10 Things to Know About Philly New Tech Meetup’s Executive Director
Darla Wolfe now leads the group that claims more than 5,000 members.
Philly New Tech Meetup now claims more than 5,000 members and the group started off 2018 under new leadership. Darla Wolfe, who’s enjoying a decorated career in Philly tech and manufacturing, has stepped in as the organization’s executive director. Wolfe has some big plans for the direction of the organization and its role in Philly’s growing tech community. The meetup’s first event of the year is just two weeks away. In the meantime, here are ten things you should know about Philly New Tech Meetup’s new leader.
She hails from the Philly area.
“I’m a Philly area girl. I grew up in the Philadelphia suburbs,” Wolfe says. The self-described techcentric businesswoman got her undergraduate degree in computer science from Temple University and her MBA from Villanova.
Her career started in manufacturing.
Wolfe’s first job out of Temple was in Seaford, Delaware at DuPont. “They told me, ‘You can either go to our office building and be a programmer,’ which is what I studied, ‘or you can go to one of our plant sites down in Delaware.’ I didn’t know when I’d ever get a chance to see a plant so I decided to go with that,” Wolfe tells me. “It was very rural. There was DuPont and chicken farms and that was about it.” Wolfe says running the manufacturing floor was the hardest job she’s ever had. After DuPont, Wolfe spent time at large manufacturing and IT organizations like SAP America.
She has a degree in screenwriting.
At some point during her winding IT and manufacturing career, Wolfe made time to follow her passion for film by getting a degree in screenwriting from UCLA. Her skills have earned her an IMDB credit and she’s even sold a few commercials.
She launched a video streaming business before Netflix.
Wolfe decided to use her degree in screenwriting, passion for business technology and love of film to launch a video streaming platform. “I made an intentional pivot to entrepreneurship,” she says, when she decided to partner with someone out of L.A. to start the business. “We were moderately successful at that.”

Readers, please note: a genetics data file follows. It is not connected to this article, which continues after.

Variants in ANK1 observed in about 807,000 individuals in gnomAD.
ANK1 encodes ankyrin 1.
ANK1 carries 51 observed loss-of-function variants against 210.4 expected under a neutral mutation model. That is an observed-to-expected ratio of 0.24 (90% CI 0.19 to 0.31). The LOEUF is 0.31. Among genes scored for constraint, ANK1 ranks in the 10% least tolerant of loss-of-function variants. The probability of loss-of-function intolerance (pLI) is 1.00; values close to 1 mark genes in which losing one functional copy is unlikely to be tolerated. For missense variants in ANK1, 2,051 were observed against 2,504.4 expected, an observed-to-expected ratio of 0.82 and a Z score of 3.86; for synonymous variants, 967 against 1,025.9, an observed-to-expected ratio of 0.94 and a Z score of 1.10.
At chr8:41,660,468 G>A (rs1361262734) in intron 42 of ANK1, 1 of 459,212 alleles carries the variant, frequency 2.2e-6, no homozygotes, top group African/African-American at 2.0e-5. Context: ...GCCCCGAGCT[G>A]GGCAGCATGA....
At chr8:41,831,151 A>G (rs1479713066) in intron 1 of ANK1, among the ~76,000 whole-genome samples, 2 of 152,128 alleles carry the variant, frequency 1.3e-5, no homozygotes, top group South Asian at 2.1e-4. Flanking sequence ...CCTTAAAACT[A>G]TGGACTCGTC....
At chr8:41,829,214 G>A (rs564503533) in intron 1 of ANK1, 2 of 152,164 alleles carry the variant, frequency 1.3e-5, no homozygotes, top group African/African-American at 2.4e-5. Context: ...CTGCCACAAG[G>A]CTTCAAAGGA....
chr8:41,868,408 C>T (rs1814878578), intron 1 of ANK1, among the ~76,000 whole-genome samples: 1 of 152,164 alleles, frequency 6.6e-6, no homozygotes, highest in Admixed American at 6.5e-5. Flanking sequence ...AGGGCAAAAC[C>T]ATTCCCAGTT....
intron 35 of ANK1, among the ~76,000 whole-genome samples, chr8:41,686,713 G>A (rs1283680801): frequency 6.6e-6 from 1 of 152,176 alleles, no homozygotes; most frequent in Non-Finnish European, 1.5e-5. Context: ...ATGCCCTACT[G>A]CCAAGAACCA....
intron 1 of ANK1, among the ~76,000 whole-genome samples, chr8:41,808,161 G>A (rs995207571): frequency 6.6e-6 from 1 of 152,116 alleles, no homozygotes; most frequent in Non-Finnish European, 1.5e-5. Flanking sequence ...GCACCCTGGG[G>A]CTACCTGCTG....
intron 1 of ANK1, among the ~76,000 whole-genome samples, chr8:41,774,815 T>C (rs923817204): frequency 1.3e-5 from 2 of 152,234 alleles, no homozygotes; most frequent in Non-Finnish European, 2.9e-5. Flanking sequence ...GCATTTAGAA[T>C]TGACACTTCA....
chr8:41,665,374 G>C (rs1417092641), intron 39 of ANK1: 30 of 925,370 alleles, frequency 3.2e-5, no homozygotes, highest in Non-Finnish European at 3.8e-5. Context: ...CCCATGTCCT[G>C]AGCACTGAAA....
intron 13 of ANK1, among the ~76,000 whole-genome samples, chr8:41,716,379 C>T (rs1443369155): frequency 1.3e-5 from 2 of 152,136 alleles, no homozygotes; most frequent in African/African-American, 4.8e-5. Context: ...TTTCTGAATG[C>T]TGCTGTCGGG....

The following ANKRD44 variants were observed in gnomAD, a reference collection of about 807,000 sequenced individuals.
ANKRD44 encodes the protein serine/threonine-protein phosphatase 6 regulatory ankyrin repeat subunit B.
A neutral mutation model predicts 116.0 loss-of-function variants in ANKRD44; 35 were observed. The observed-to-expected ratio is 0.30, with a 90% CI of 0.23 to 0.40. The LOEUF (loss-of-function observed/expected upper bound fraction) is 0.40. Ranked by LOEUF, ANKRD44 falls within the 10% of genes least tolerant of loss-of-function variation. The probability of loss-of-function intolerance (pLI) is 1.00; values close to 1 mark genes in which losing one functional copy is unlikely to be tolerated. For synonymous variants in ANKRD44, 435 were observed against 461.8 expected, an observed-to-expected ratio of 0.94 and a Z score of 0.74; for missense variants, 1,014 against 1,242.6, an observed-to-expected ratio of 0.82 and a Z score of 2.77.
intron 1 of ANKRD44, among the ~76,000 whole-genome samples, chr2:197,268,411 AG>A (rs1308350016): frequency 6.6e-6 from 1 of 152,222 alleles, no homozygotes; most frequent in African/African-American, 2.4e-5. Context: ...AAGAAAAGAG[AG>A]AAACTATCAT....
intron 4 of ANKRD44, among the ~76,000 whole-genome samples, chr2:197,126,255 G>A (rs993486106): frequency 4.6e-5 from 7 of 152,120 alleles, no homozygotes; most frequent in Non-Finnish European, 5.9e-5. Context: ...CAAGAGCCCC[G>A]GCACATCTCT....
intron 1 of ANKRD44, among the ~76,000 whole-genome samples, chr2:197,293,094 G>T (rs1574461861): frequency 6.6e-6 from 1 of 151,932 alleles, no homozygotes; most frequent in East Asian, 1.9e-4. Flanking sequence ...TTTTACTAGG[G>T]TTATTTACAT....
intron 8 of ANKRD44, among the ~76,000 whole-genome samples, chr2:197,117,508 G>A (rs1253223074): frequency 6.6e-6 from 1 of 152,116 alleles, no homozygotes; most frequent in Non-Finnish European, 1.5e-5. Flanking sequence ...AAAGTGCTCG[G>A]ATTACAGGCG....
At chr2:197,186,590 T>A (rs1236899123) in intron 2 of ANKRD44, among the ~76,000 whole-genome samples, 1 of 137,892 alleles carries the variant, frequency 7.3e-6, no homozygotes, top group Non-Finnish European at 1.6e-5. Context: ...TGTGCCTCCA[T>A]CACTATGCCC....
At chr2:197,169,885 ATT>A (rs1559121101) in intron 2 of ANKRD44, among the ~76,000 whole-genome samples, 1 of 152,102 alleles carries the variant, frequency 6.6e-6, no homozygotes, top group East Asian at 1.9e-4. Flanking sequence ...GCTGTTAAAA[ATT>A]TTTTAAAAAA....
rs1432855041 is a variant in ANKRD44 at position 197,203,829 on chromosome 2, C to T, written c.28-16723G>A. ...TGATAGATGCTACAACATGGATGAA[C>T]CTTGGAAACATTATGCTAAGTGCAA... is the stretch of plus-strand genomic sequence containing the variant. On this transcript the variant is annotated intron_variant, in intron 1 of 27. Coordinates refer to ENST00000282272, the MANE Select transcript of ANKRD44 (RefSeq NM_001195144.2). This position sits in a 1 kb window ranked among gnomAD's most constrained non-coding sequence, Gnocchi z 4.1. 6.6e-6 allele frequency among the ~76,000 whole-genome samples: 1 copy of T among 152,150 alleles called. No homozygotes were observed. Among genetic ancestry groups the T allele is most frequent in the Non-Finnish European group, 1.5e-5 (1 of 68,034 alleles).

She recently launched an enterprise called Sweat EquitE.
The business’ goal is to match established professionals and students to opportunities at startups and nonprofits. According to Wolfe, the matching gives people who have full-time employment the opportunity to increase their skills and earn some extra income without having to quit their primary jobs. And startups get access to talent that they otherwise wouldn’t necessarily be able to afford.
Traveling has definitely been a priority.
In 2013 alone, the mother of two visited nine different countries.
She’s ready to bolster PNTM’s inclusivity.
Wolfe joined Philly New Tech Meetup when the group expanded its leadership team a few years ago. Now, as executive director, she wants to show people that Philly New Tech Meetup has a welcoming and inclusive environment. “We want to show people that we mean it,” she says. Wolfe would like to have meetups with interpreters present to show that the world is an open and encompassing place. “My career has given me a global perspective,” Wolfe tells me. “I’ve reinvented myself lots of times in my career. I’ve got a maturity that I hope to bring to this role with the understanding that we’re trying to be inclusive, innovative and exciting. There is no limitation on who or what happens in that space.”
She’s passionate about tech’s ability to equalize.
The tech space can be a little daunting, Wolfe says. “This year we’re looking to support each other and share new advances to make sure no one is left behind.” And she’s particularly interested in helping women and people of color see the power of technology. “There’s a lot of potential here for people in terms of growth both personally and financially. I want people to see that and have ways to tap into it.”
She believes there’s more room to connect the tech of the suburbs and the city.
“We shouldn’t put up artificial barriers between the suburbs and the city,” Wolfe says, “There are more ways to be connected.” For example, one united Amazon bid from the Greater Philadelphia region might’ve been more impactful.
She thinks corporate innovation centers should be more involved.
As the CTO of Milkcrate, Wolfe has had the opportunity to help the local startup build out its technology to meet corporate standards. Because she’s straddled the intersection between tech and large corporations in this way for so long, she sees a lot of room for the innovation hubs of companies like Vanguard, SAP and Comcast to do more. They can grow and build infrastructure that supports new startups, Wolfe says. “Startups need money and corporations need their innovation and quick turnarounds. Putting these groups together is a win.”